Running goals

I’m not big on New Year resolutions. I can’t say I respond particularly well to “everyone’s doing something, I should too” situations. Peer pressure can be useful at times, but I also find that it can make me even more stubborn.

TSQL2sDay150x150So when Jason Brimhall chose the topic for this month’s T-SQL Tuesday as “standing firm”, considering the ideas of “resolve, resolution, resolute”, I scowled a little, and wondered what I’d write about. I considered writing about my MCM journey (although that’s overfor a few months), or thinking about some business-related thing – but the closest I have to a resolution this year is related to running. I get that it’s not about SQL, but it seems very related to various members of the SQL community. You know who you are – don’t make me list you.

Many of you won’t know that this May (2013) will mark ten years since I had a nasty back injury. I don’t have a dramatic story to tell about it – it happened at work at the water cooler. I simply bent over wrong, and years of having a job where I sit down a lot, cycling (I used to cycle to work most days, every day when I was living in London), and being a little taller than most finally took its toll. Suddenly there was pain, and I ended up in hospital being told I might not get to walk again, and to expect to be in there until some time in July.

Prayer got me out in ten days.

But there were things I lost. I’ve never since been able to pick up my sons (they were five and three at the time). I’ve never been able to ride a bike (although I haven’t forgotten how). Until 2012, I’d been unable to run. I have chronic pain, and I’ve got used to it (which is annoying, but I’ve learned to tolerate it. That’s not always a good thing, like the time I had a badly inflamed appendix and nearly got sent home – although my pain tolerance did mean I could fly to Seattle a few days after the operation).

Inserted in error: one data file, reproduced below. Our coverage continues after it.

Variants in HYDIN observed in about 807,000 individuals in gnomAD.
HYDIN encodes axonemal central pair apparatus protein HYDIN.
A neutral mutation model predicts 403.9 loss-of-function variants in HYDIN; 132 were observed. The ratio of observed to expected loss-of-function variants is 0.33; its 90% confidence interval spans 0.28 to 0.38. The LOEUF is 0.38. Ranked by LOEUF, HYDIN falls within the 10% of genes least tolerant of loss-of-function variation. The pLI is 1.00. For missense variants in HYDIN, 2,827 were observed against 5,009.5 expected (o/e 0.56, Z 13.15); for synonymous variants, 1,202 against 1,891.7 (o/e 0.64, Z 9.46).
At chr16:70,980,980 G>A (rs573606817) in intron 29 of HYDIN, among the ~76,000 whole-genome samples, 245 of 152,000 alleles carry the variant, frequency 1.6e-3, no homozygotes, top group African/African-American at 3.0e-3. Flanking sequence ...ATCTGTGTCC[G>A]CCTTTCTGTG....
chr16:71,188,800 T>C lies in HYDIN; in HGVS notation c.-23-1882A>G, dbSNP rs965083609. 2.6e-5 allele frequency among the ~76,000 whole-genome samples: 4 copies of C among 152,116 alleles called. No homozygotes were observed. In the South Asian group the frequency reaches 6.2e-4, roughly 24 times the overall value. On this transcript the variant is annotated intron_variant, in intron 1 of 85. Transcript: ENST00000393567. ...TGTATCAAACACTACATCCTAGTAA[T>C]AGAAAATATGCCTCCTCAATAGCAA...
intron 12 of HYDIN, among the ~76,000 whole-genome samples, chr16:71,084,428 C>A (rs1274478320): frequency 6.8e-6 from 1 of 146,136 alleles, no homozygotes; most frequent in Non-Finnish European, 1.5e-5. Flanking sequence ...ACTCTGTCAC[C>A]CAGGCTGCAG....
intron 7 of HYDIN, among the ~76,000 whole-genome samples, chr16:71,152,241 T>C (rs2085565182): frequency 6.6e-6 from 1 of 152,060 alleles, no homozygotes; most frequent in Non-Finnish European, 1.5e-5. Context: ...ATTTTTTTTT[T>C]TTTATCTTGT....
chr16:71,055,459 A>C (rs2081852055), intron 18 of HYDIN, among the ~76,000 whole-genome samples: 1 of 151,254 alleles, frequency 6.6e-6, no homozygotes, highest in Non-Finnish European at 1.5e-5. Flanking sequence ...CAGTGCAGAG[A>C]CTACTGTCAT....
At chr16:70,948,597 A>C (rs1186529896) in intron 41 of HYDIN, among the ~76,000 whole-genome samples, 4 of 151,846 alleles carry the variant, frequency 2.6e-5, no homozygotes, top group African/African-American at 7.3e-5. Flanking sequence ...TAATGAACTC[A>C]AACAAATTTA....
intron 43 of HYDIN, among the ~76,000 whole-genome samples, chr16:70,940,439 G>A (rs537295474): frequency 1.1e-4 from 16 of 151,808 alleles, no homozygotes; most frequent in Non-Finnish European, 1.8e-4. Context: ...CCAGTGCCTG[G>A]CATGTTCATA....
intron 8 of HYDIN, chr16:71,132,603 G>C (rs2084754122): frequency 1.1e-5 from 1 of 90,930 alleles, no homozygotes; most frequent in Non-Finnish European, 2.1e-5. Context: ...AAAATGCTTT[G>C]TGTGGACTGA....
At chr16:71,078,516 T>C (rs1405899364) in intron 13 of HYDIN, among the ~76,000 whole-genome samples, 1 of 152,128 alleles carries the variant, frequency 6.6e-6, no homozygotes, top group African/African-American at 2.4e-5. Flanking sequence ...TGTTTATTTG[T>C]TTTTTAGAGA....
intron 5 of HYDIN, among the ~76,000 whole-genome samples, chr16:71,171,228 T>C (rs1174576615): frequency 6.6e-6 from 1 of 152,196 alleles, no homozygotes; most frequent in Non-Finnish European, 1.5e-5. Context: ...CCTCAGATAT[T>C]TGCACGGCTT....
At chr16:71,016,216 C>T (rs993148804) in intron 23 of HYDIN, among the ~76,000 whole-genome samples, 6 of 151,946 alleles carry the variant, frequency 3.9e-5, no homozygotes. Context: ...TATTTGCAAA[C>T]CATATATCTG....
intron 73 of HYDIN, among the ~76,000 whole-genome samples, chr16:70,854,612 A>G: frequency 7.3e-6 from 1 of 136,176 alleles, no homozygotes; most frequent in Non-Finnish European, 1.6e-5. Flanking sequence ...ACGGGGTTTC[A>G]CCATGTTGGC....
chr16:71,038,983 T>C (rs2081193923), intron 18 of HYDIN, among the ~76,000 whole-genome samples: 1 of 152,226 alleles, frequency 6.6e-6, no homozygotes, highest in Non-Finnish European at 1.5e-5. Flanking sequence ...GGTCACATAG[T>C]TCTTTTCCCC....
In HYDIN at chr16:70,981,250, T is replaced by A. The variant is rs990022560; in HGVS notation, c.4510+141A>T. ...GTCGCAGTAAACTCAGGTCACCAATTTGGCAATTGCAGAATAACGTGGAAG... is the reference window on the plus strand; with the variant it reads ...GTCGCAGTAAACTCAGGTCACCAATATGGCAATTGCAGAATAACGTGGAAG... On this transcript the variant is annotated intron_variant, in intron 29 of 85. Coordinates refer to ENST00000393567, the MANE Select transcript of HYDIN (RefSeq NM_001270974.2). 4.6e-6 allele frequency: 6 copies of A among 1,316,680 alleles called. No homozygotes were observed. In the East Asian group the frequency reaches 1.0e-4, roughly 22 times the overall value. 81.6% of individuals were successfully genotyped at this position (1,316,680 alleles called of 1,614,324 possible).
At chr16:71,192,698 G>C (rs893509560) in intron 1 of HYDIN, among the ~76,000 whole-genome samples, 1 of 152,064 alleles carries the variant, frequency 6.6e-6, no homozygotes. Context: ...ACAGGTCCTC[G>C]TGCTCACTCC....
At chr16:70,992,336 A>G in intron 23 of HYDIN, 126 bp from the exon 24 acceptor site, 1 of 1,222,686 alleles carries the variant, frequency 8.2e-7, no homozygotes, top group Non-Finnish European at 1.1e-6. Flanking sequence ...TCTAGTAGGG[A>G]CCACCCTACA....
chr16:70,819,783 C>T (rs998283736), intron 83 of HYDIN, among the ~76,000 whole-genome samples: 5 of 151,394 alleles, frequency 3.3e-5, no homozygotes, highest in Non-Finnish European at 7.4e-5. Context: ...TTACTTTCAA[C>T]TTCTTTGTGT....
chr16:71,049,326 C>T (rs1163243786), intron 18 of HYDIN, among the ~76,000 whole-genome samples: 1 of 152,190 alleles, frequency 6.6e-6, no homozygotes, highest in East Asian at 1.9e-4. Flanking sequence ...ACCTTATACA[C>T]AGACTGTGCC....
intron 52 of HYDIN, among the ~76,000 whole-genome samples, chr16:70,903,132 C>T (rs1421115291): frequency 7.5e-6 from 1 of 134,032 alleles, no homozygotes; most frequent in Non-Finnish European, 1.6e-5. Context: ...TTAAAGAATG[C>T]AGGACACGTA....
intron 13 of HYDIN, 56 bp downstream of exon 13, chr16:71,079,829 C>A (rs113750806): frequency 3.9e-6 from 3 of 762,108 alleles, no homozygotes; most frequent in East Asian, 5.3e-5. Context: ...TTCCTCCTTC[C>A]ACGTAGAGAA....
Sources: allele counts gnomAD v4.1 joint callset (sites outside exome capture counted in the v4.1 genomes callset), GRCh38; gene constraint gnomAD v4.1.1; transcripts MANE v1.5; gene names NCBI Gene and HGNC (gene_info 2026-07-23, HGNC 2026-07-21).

In 2011, I started to walk more. I walked about eight miles one time just to see if I could. The pain level was higher, as expected, but I managed it. Later that year, I walked a half marathon in Portland, Oregon, just before the PASS Summit. I even beat one of the people in the group who was supposedly running (I felt bad and wanted to wait for him, but I think if I’d stopped I wouldn’t’ve been able to finish).

I kept walking, but in June 2012, I talked to my physio about getting running back. He’d supported me through the walking, and knew that it wasn’t causing me too much bother any more. He got me on the treadmill, then onto grass, then onto the road. It hurt more, but I was surviving. Annoyingly, a cough I had developed into more and I ended up being sick for the best part of June-August, but I was running when I could, and I was surviving.

In November, I didn’t just walk a half marathon, I ran it. Annoyingly I had tendinitis in my right knee, which meant I had acute pain almost the whole way around the San Francisco course. I didn’t stop running though, and although my pace dropped so much I could’ve walked most of it faster, I got to the end. Last month, December 2012, I agreed to do at least 15 minutes of cardio every day, and I managed it. I ran over 75 miles during the month, and I’m sure my fitness level is improving.

So what’s in store for 2013 on the running scene?

Well, I want to get a better time in a half marathon. That shouldn’t be hard – I just need to run one when I’m not injured.

I wouldn’t mind trying a full marathon. I’ve joined the South Australian Road Runners’ Club, and there are some marathons I could aim for during the year. There are also some trips to the US that I’ll be doing, and I could try to do one over there.